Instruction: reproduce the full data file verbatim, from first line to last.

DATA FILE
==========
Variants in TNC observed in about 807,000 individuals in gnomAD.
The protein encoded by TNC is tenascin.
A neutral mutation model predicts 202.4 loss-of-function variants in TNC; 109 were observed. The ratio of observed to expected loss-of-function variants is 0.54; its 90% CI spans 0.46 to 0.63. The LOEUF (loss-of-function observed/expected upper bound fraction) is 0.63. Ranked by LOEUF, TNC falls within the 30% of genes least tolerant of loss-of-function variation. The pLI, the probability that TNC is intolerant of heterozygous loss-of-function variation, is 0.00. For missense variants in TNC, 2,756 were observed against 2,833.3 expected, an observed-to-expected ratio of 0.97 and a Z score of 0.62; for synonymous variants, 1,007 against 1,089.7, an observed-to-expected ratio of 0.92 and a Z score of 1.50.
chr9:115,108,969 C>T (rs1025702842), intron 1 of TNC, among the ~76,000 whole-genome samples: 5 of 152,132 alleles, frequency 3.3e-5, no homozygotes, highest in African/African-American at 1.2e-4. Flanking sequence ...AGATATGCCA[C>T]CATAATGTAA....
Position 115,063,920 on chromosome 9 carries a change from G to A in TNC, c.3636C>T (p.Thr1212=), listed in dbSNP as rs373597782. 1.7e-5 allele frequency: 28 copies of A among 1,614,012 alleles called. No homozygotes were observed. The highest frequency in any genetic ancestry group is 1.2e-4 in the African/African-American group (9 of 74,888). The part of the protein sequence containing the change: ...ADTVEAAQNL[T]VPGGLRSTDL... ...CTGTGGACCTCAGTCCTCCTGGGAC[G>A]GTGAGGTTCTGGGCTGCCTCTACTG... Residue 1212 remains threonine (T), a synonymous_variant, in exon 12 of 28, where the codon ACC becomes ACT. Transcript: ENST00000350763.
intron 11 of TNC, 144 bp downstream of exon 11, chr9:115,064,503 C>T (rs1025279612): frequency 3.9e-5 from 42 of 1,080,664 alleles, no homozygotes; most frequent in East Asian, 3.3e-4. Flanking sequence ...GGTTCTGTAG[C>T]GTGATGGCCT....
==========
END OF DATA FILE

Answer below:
Variants in TNC observed in about 807,000 individuals in gnomAD.
The protein encoded by TNC is tenascin.
A neutral mutation model predicts 202.4 loss-of-function variants in TNC; 109 were observed. The ratio of observed to expected loss-of-function variants is 0.54; its 90% CI spans 0.46 to 0.63. The LOEUF (loss-of-function observed/expected upper bound fraction) is 0.63. Ranked by LOEUF, TNC falls within the 30% of genes least tolerant of loss-of-function variation. The pLI, the probability that TNC is intolerant of heterozygous loss-of-function variation, is 0.00. For missense variants in TNC, 2,756 were observed against 2,833.3 expected, an observed-to-expected ratio of 0.97 and a Z score of 0.62; for synonymous variants, 1,007 against 1,089.7, an observed-to-expected ratio of 0.92 and a Z score of 1.50.
chr9:115,108,969 C>T (rs1025702842), intron 1 of TNC, among the ~76,000 whole-genome samples: 5 of 152,132 alleles, frequency 3.3e-5, no homozygotes, highest in African/African-American at 1.2e-4. Flanking sequence ...AGATATGCCA[C>T]CATAATGTAA....
Position 115,063,920 on chromosome 9 carries a change from G to A in TNC, c.3636C>T (p.Thr1212=), listed in dbSNP as rs373597782. 1.7e-5 allele frequency: 28 copies of A among 1,614,012 alleles called. No homozygotes were observed. The highest frequency in any genetic ancestry group is 1.2e-4 in the African/African-American group (9 of 74,888). The part of the protein sequence containing the change: ...ADTVEAAQNL[T]VPGGLRSTDL... ...CTGTGGACCTCAGTCCTCCTGGGAC[G>A]GTGAGGTTCTGGGCTGCCTCTACTG... Residue 1212 remains threonine (T), a synonymous_variant, in exon 12 of 28, where the codon ACC becomes ACT. Transcript: ENST00000350763.
intron 11 of TNC, 144 bp downstream of exon 11, chr9:115,064,503 C>T (rs1025279612): frequency 3.9e-5 from 42 of 1,080,664 alleles, no homozygotes; most frequent in East Asian, 3.3e-4. Flanking sequence ...GGTTCTGTAG[C>T]GTGATGGCCT....